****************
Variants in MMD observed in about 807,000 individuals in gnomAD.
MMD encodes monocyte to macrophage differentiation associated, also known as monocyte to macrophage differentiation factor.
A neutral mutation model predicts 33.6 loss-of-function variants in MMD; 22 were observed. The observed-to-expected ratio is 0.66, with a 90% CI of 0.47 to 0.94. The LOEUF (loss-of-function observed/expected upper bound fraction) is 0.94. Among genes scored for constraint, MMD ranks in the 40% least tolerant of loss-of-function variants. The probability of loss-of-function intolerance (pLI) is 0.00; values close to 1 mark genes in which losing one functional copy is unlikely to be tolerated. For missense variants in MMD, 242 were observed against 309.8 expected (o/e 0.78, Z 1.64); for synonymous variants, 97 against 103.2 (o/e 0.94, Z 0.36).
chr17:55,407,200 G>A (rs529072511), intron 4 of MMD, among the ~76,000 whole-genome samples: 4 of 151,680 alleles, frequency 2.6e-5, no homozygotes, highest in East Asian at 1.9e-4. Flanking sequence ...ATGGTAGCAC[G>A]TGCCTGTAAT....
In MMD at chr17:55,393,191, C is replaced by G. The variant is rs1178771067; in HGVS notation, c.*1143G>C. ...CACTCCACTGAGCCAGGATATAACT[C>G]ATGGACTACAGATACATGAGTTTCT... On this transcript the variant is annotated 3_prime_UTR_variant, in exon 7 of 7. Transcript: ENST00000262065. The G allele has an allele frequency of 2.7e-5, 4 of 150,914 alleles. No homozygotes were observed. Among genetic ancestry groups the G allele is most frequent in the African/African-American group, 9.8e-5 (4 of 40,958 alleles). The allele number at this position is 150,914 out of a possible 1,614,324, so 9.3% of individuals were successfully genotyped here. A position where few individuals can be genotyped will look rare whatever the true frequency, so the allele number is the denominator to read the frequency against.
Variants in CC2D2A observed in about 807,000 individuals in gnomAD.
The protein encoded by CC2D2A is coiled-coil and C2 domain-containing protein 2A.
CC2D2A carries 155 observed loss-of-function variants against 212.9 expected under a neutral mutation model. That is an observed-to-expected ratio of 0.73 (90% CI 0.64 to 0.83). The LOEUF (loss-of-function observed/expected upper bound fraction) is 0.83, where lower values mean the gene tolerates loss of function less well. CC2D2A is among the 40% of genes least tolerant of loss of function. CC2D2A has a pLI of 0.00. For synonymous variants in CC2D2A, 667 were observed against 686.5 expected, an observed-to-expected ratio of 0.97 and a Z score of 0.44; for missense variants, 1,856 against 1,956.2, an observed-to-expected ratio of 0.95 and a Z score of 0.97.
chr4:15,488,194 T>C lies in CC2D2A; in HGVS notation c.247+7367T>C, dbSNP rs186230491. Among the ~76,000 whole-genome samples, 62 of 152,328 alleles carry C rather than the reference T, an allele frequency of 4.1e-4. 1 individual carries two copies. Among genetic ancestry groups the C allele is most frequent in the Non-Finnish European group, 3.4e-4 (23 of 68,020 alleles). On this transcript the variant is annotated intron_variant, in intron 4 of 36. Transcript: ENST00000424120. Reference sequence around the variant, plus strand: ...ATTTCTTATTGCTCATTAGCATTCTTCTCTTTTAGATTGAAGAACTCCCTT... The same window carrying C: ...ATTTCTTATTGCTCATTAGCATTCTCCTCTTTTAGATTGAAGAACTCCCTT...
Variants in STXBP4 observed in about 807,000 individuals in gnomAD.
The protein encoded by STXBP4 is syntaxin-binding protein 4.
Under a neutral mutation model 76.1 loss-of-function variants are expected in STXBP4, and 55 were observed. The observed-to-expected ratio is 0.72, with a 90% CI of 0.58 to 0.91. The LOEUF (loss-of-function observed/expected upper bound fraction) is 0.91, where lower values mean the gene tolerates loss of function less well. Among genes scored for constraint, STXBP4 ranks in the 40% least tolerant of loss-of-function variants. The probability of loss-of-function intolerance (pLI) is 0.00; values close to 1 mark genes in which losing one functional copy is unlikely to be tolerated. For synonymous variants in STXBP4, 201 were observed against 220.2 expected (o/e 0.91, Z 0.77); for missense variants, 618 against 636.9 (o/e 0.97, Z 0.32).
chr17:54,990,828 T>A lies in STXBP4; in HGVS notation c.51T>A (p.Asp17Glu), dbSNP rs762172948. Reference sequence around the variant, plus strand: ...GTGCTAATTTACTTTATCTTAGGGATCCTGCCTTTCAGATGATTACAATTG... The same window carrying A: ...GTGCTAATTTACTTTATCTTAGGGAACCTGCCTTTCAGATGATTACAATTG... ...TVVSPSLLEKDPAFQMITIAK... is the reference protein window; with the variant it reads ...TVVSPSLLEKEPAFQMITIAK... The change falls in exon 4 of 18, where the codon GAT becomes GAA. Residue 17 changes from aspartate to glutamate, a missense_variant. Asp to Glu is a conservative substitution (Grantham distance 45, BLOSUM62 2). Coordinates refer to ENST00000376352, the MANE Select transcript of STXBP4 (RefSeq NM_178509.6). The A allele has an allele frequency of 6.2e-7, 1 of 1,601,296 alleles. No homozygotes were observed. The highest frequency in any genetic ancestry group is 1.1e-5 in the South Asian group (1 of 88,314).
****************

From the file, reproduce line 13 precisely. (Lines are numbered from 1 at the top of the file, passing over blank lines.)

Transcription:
chr17:54,990,828 T>A lies in STXBP4; in HGVS notation c.51T>A (p.Asp17Glu), dbSNP rs762172948. Reference sequence around the variant, plus strand: ...GTGCTAATTTACTTTATCTTAGGGATCCTGCCTTTCAGATGATTACAATTG... The same window carrying A: ...GTGCTAATTTACTTTATCTTAGGGAACCTGCCTTTCAGATGATTACAATTG... ...TVVSPSLLEKDPAFQMITIAK... is the reference protein window; with the variant it reads ...TVVSPSLLEKEPAFQMITIAK... The change falls in exon 4 of 18, where the codon GAT becomes GAA. Residue 17 changes from aspartate to glutamate, a missense_variant. Asp to Glu is a conservative substitution (Grantham distance 45, BLOSUM62 2). Coordinates refer to ENST00000376352, the MANE Select transcript of STXBP4 (RefSeq NM_178509.6). The A allele has an allele frequency of 6.2e-7, 1 of 1,601,296 alleles. No homozygotes were observed. The highest frequency in any genetic ancestry group is 1.1e-5 in the South Asian group (1 of 88,314).